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Exposure Indexing on A7SII Sony Cameras?


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Hey There!

To keep this super simple I've been shooting so much Sony (FS7, FX9) for so long that I've kinda gotten entirely confused about how other cameras expose and if it's an identical premise or entirely different.

When shooting Sony in Cine EI mode you have a Base ISO and you decide to let in more or less light to get your desired EI (Under or over) and you decide how to push and pull it in post or in-camera and I heavily assume Alexa, is the exact same premise.

But how do these methods change when playing with an A7SII for example that doesn't have dedicated Cine EI mode even Canon? I know that no matter your ISO your DR/Stop allocation will not change unless you physically under-expose or over-expose, Is the Cameras like an A7SII Base ISO or more like a technically "Best" ISO but you can pick any want to use as your base, just you, of course, Introduce noise.

Thanks

-Samuel

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FX3 has that Cine EI mode now!  Maybe worth switching if you really like that way of handing exposure.

The way the Alexa handles ISO (when using the prores log workflow):  you are adjusting the post AD conversion processing of the image.  When you raise the ISO, you are lifting darker values up to middle gray.  When you decrease ISO, you're dropping brighter values down to appear as middle gray.  But your highlight and shadow clipping isn't changing because the sensor has innate light gathering properties.

The way I like to think about the Alexa is I'm using ISO to choose how many stops above middle gray I have and how many stops below.  If you stick at the base of 800, you have roughly 7 up and 7 down.  If you increase one stop to 1600, you have 8 up and 6 down.  I like to increase my ISO - I like the added texture in the image and I like the camera to behave a bit more like film which has more latitude in the highlights than shadows.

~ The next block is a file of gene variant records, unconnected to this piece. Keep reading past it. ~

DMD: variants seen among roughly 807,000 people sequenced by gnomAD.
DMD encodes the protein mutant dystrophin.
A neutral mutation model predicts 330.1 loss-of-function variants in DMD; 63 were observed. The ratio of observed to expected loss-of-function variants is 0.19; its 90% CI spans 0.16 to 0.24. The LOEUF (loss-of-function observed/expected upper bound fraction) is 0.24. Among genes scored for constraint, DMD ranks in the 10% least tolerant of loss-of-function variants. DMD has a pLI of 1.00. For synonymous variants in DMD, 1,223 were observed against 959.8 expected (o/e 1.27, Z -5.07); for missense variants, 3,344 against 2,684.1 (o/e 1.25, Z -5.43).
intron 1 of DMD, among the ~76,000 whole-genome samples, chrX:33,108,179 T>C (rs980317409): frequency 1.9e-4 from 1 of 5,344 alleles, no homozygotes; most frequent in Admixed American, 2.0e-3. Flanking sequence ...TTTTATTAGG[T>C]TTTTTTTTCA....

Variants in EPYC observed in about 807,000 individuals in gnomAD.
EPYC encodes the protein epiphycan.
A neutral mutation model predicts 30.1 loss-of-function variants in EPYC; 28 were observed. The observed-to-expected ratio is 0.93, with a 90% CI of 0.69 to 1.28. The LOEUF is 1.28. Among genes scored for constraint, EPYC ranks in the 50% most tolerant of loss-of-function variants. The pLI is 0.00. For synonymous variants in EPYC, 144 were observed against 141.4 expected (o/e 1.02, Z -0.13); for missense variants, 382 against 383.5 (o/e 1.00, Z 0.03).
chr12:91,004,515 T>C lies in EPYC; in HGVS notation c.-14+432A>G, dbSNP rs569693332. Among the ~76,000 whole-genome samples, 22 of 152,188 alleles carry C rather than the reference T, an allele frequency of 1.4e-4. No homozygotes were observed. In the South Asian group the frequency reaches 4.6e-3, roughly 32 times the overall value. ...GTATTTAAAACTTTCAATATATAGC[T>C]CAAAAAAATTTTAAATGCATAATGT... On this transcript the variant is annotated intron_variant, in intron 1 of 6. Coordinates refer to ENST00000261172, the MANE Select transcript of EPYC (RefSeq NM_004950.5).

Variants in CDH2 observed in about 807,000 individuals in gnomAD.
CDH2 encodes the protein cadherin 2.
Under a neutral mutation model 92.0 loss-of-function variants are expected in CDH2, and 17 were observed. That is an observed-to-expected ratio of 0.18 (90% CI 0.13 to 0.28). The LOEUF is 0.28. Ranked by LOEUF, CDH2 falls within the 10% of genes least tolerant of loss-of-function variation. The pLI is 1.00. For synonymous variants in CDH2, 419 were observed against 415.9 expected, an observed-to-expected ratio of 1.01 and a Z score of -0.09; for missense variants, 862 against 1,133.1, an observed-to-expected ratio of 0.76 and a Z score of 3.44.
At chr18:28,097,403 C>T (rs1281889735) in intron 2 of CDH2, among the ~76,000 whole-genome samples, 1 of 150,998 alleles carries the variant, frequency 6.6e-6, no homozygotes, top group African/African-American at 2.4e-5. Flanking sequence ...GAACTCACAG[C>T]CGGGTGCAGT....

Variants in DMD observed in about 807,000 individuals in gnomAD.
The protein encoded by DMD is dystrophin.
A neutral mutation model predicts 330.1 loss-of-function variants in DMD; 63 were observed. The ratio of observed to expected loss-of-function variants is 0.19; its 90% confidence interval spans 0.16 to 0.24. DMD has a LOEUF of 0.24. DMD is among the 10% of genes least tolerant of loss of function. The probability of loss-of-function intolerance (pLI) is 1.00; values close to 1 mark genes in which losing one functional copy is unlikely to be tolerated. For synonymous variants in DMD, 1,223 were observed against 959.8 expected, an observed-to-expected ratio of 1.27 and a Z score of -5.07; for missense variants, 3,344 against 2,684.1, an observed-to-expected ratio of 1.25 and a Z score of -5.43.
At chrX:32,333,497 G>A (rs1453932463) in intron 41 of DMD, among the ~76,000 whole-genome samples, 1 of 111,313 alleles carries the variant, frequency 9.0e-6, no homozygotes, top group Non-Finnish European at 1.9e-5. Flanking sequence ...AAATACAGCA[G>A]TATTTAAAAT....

If you really get into it, this is a bit of a simplification with the Alexa - there are two gains applied in parallel and recombined in the same frame.  So I'm sure there's a little bit more going on under the hood when you increase ISO.

 

I haven't tested my FX3 out since upgrading the firmware but I'm a bit skeptical about the Cine EI mode on that camera.  The 10 bit recording plus built in noise reduction could be a bottleneck with the DR.  I have a feeling that at the higher ISOs (per base ISO) perform better when you let the camera do the processing.  I'll have to shoot some side by sides to confirm though.

I suspect the main reason they have added the option for Cine EI mode is to make multi-camera workflows simpler where you're mixing FX3s, FX6s, and FX9s

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17 hours ago, Dan Finlayson said:

FX3 has that Cine EI mode now!  Maybe worth switching if you really like that way of handing exposure.

The way the Alexa handles ISO (when using the prores log workflow):  you are adjusting the post AD conversion processing of the image.  When you raise the ISO, you are lifting darker values up to middle gray.  When you decrease ISO, you're dropping brighter values down to appear as middle gray.  But your highlight and shadow clipping isn't changing because the sensor has innate light gathering properties.

The way I like to think about the Alexa is I'm using ISO to choose how many stops above middle gray I have and how many stops below.  If you stick at the base of 800, you have roughly 7 up and 7 down.  If you increase one stop to 1600, you have 8 up and 6 down.  I like to increase my ISO - I like the added texture in the image and I like the camera to behave a bit more like film which has more latitude in the highlights than shadows.

If you really get into it, this is a bit of a simplification with the Alexa - there are two gains applied in parallel and recombined in the same frame.  So I'm sure there's a little bit more going on under the hood when you increase ISO.

 

I haven't tested my FX3 out since upgrading the firmware but I'm a bit skeptical about the Cine EI mode on that camera.  The 10 bit recording plus built in noise reduction could be a bottleneck with the DR.  I have a feeling that at the higher ISOs (per base ISO) perform better when you let the camera do the processing.  I'll have to shoot some side by sides to confirm though.

I suspect the main reason they have added the option for Cine EI mode is to make multi-camera workflows simpler where you're mixing FX3s, FX6s, and FX9s

Thanks so much for your response.